Black Lives Matter and Its Online Mob Don't Seem to Have a Valid Purpose

(Tim Dornin/AAP Image via AP)
AP featured image
FILE – In this Jan. 26, 2017 file photo Aboriginal activists carry a banner during an Australia Day protest in Adelaide, Australia. The awarding of the Sydney Peace Prize to Black Lives Matter for its work on American race issues is being hailed by local activists as a progressive step, but is also highlighting Australia’s own struggles with race relations. The Sydney Peace Foundation will award its prize to Black Lives Matter for inspiring a “bold movement for change at a time when peace is threatened by growing inequality and injustice.” Australian activists say such issues need to be addressed at home as well. (Tim Dornin/AAP Image via AP)

Back in 2016, a black community and its local police department in Wichita got together to have a cookout. This cookout took place during the height of the Black Lives Matter movement and was widely approved of as a good way to form good and lasting bonds between law enforcement and the black community.

The cookout was called “First Steps,” and it became something of a mold for preparing community relations between the two communities which have been so alienated from one another for so long.

However, Black Lives Matter got wind of the attempts to bring the two communities together and expressly rejected it.

“We don’t sit on panels with law enforcement, and we don’t have BBQ’s or cookouts with law enforcement. We feel the best method at this point in history is by holding police accountable by organizing and advocating for police accountability,” said BLM co-founder Patrisse Cullors.

(READ: Black Lives Matter Confirms Its Preference for Division Over Peace. Denounces “First Steps” Cookout)

BLM’s DC chapter was so against it that they sent out an all-caps tweet denouncing it.

It’s confusing, really, because many people in America believe that this damaged relationship between police and the black community needs to be repaired in order to save lives on both sides, and here we have a great example of how the gap can be bridged, undoubtedly improving relations and ensuring a more understanding and fair coexistence.


Yet, the group who styles itself as the most concerned about the protection and preservation of black life is rejecting it. Why? According to what Cullors said, it’s because they don’t want a relationship, just organizing and advocating against police.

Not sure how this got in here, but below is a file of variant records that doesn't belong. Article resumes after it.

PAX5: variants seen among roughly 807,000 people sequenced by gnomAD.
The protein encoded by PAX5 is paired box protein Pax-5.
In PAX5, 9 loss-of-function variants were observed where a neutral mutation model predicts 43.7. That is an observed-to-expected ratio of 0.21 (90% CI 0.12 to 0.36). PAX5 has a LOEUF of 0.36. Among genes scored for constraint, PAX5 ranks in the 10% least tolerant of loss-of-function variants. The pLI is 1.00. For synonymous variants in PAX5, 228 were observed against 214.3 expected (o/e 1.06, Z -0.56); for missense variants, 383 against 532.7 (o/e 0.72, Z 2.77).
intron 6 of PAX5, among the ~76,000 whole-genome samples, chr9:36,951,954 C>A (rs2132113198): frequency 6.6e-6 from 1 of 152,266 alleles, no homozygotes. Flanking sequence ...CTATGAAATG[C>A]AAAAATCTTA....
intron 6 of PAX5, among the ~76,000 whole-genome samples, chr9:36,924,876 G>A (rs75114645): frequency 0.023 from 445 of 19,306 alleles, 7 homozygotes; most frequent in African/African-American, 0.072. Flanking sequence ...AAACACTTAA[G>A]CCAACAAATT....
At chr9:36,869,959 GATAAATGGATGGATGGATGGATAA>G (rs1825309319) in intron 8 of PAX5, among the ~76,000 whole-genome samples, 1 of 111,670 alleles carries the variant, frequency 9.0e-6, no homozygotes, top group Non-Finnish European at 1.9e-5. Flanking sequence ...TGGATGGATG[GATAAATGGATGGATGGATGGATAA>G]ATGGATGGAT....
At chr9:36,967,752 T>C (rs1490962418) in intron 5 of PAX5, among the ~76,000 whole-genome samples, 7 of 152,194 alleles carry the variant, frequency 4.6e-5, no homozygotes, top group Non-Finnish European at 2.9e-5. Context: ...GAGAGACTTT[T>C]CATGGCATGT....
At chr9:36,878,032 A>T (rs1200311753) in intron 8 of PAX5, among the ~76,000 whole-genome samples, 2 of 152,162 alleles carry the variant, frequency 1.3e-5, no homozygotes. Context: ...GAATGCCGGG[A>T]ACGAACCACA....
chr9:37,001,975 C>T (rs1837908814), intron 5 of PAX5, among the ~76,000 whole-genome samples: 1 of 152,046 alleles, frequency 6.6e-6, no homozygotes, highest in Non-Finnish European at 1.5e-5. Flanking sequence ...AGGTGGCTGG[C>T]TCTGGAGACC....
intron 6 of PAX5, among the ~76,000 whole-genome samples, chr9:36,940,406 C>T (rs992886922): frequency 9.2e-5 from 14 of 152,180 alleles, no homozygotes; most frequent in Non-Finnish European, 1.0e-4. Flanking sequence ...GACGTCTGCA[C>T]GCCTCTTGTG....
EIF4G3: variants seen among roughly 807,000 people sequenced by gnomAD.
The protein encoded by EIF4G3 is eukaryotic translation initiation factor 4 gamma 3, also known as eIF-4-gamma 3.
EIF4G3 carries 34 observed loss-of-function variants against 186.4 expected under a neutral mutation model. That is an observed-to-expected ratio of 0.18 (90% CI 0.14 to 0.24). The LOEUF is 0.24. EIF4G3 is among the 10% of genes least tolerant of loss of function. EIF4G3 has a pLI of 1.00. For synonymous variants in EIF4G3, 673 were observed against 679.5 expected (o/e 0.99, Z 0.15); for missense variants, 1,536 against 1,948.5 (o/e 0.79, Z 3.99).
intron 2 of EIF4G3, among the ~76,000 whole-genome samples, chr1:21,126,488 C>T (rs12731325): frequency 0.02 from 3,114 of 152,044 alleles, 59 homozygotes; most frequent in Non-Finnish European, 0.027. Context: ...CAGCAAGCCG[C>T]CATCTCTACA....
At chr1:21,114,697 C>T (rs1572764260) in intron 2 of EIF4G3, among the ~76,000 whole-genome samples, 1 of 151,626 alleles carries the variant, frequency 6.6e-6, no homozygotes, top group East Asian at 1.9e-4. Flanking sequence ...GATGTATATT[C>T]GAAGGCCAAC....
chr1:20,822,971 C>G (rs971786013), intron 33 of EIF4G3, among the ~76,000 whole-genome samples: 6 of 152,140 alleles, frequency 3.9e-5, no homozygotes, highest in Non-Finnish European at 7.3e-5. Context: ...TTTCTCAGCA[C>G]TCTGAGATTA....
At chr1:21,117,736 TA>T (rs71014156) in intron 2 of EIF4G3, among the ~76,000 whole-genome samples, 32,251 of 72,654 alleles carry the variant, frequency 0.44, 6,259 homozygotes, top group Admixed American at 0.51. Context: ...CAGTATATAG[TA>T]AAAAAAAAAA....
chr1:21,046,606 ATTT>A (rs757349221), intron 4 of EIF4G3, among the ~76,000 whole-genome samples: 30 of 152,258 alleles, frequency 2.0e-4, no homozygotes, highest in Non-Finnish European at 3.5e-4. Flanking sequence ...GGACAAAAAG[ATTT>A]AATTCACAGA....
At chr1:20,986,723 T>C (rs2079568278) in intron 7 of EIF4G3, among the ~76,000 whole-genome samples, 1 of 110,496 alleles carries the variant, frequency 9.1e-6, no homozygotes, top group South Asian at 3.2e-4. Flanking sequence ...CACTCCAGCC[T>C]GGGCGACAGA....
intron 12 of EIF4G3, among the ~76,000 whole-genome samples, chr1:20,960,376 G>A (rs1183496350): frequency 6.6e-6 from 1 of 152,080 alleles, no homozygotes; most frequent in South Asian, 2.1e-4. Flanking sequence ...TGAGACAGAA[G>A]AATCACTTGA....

That’s not a solution. In fact, that’s the opposite of a solution. That’s just saying you want to keep reacting whenever law enforcement does something wrong or at least is perceived to have done something wrong.

This effectively makes Black Lives Matter a useless organization, if not an organization that exacerbates the problem. The question has to be asked. What are they even here for if they aren’t wanting to solve anything?

Fast forward to today, and there is rioting in Minneapolis, Minnesota, due to the unjust killing of George Floyd by a police officer who knelt on his neck for nine minutes as other officers stood around, not stopping it. It’s a horrid and disturbing video to watch and it’s understandable that it would elicit anger.

Riots began. Even at the time of this writing, businesses are being looted and burned. This reaction has naturally elected protests against the protesters. Arguments spring up against this, justifying the riots and comparing crimes. Those who are for the riots believe that because no one was murdered, then the riots should be considered okay.

I’ve yet to see one person actually tell me how the riots solve the problem.


What’s more, those in favor of the riots don’t want to see anything positive either.

Earlier, I posted this tweet of a video that had come across my front page on Reddit. It’s a sweet moment of a little white girl dancing with a black bus driver to Taylor Swift’s “Shake It Off.” The bus driver had apparently turned the song up for the little girl after she told him it was her favorite.

As the video began making the rounds, pro-riot folks immediately became furious and even as I write this, I’m still getting angry messages and demands that I take it down. Some say it’s tone-deaf and not a good time. I can’t disagree more.

From my perspective, this scene, at least in part, is the goal. Two races having a warm moment and fun. Like the “First Steps” cookoff, this little girl is going to grow up with this memory of kindness. It will affect her attitudes toward the black community well into her adulthood. She’s going to be more apt to understand and seek understanding because of moments like this.

Yet, people are angry. They don’t want to see it. They have no desire to get to this point. All they seem to want is to be mad. To lash out and resort to base emotions.


They don’t want to solve problems, they want to create a problem in order to feel like the problems they’re facing are justified.

In truth, just like Black Lives Matter did in 2016, the decision to not embrace and seek solutions by people who post the hashtag, hold up signs, and other useless nonsense is just creating more dead black people and officers. If you’re not seeking a solution, and you’re only into the backlash, then you’re a part of the problem.


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